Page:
USF&G contends on appeal that the entry of summary judgment was error because the Utility failed to allege sufficient facts to state a claim against it. USF&G claims that attorney Rubin's failure to respond to the motion for summary judgment did not relieve the Utility from its burden of setting forth sufficient facts.
• 2 The circuit court granted summary judgment as relief in default. Defendants and their then current attorney failed to appear for several hearings. Responsive pleadings were not filed. No defenses were pending. The allegations supporting summary judgment include the general averment that the surety bond was issued for the benefit of all persons "who are obligated to do business with the Court's duly appointed receiver." Section 50(4) of the Civil Practice Act permits entry of judgment by default (Ill. Rev. Stat. 1979, ch. 110, par. 50(4)) where a party fails to plead. USF&G failed to plead. Judgment under these circumstances is proper.
• 3, 4 The circuit court's denial of USF&G's motion to vacate, however, may work a substantial injustice. Pleadings filed after the denial of the motion to vacate indicate USF&G has raised a defense regarding the beneficiary of the surety bond. Although the showing of a meritorious defense or a good excuse for failure to appear in court is no longer a requisite to vacature of a default order, they are still factors to be considered. (Nixon v. Harris (1975), 31 Ill. App.3d 204, 211, 333 N.E.2d 667, appeal denied (1975), 61 Ill.2d 598.) But above all in the determination of whether vacature should be granted is the consideration of whether the default judgment results in substantial justice. (Francone v. Weigel Broadcasting Co. (1979), 79 Ill. App.3d 991, 996, 398 N.E.2d 1114; Lettvin v. Suson (1978), 62 Ill. App.3d 215, 217, 379 N.E.2d 49.) Here, the parties did not proceed to trial upon the issue of liability. The default was entered in accord with established practice upon defendants' attorney's failure to appear. The delay here was neither so long nor so calculated as in other cases. (See, e.g., Nixon v. Harris; Wagstad Goff Construction Co. v. Kalman (1973), 15 Ill. App.3d 614, 619, 305 N.E.2d 65, appeal denied (1974), 55 Ill.2d 604.) Furthermore, USF&G has discharged its former attorney of record. Thus, although a client is ordinarily charged with the negligence of counsel (see Mitchell v. Seidler (1979), 68 Ill. App.3d 478, 483-84, 386 N.E.2d 284; see, e.g., Webb v. Morrison (1981), 96 Ill. App.3d 1200 (Rule 23 order)), the merits of USF&G's defense claim, under the circumstances here, require a proper hearing. (See, e.g., Lettvin v. Suson, at 218; Adams v. Grace (1970), 128 Ill. App.2d 69, 80-81, 262 N.E.2d 489.) For these reasons the denial of USF&G's motion to vacate was error.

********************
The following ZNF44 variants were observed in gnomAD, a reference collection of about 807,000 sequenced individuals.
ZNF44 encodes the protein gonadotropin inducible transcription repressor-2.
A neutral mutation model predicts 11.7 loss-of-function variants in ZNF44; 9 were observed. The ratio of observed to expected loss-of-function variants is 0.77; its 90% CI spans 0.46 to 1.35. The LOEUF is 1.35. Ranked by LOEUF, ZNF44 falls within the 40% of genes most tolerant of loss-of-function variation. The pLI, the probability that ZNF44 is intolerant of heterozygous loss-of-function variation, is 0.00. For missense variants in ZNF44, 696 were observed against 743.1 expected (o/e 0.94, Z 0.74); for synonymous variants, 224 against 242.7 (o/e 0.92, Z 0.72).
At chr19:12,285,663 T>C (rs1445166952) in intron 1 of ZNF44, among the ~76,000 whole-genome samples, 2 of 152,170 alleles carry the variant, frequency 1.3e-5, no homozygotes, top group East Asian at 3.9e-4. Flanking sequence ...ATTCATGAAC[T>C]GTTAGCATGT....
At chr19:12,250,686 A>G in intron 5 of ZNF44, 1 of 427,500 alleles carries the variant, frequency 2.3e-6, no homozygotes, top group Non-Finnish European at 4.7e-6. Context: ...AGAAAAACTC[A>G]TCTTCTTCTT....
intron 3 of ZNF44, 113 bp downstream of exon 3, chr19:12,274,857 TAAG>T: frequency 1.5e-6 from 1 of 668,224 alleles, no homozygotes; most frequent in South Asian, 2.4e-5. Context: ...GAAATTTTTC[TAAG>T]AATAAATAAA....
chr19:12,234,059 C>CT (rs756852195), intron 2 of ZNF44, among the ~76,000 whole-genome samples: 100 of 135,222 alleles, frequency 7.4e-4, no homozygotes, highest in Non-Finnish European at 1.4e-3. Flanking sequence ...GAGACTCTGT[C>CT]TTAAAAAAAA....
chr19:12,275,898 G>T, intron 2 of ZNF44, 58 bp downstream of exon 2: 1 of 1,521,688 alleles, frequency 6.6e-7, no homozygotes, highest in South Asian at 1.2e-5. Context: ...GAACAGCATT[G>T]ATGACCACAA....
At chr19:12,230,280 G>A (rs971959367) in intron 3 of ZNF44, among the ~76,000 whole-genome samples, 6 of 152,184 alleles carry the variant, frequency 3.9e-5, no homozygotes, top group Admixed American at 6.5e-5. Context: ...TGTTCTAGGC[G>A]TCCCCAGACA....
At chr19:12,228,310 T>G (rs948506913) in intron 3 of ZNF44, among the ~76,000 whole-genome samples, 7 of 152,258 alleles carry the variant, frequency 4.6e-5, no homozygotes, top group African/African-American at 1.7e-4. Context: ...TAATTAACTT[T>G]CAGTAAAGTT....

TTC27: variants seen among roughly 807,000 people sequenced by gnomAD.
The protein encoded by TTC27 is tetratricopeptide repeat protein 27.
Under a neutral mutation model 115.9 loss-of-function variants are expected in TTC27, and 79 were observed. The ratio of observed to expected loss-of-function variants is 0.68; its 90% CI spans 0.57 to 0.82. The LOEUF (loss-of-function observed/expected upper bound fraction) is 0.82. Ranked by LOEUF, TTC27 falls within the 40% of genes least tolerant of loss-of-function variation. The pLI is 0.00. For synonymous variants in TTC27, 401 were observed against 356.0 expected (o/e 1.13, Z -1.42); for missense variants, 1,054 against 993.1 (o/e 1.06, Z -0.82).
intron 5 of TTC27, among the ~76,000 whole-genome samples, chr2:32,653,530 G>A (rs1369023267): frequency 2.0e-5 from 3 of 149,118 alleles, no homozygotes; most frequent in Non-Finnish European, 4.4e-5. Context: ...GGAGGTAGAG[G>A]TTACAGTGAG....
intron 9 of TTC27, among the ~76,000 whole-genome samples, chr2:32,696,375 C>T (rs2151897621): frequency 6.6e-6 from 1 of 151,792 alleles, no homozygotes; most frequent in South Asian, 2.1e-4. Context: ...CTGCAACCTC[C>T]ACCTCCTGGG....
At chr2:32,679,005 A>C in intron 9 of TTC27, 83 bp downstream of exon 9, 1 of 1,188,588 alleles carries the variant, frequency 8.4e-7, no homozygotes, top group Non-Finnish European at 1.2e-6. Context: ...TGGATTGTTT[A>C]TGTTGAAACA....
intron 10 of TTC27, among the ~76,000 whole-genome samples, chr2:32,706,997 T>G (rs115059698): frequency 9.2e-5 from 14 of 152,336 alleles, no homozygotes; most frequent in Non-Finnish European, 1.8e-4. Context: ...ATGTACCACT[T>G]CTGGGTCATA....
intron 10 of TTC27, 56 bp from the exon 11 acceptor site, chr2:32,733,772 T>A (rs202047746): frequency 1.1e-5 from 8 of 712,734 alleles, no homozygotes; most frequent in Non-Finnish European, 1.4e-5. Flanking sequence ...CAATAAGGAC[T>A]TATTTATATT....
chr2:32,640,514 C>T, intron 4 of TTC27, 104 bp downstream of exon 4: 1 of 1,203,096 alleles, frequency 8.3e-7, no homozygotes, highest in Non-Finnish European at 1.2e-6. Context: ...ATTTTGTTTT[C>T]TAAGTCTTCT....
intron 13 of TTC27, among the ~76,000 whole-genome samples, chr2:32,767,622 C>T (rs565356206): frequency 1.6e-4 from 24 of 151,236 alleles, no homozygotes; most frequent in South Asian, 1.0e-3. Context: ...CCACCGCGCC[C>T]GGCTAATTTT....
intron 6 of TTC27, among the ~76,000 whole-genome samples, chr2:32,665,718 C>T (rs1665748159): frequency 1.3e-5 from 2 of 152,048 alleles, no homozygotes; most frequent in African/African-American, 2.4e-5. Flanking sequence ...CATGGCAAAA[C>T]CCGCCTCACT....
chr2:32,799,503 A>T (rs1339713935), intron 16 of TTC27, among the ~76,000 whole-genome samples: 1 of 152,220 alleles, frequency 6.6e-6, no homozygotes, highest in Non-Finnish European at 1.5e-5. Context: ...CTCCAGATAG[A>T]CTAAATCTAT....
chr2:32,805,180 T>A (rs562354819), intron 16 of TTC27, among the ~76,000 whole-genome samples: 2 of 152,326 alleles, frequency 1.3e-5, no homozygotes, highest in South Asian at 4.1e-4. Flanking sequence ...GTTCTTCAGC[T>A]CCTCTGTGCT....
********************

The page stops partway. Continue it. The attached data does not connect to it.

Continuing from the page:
For the aforesaid reasons we affirm the judgment against Flisk, vacate the judgment against USF&G, and remand the cause for further proceedings.
Affirmed; vacated; and remanded.
STAMOS and PERLIN, JJ., concur.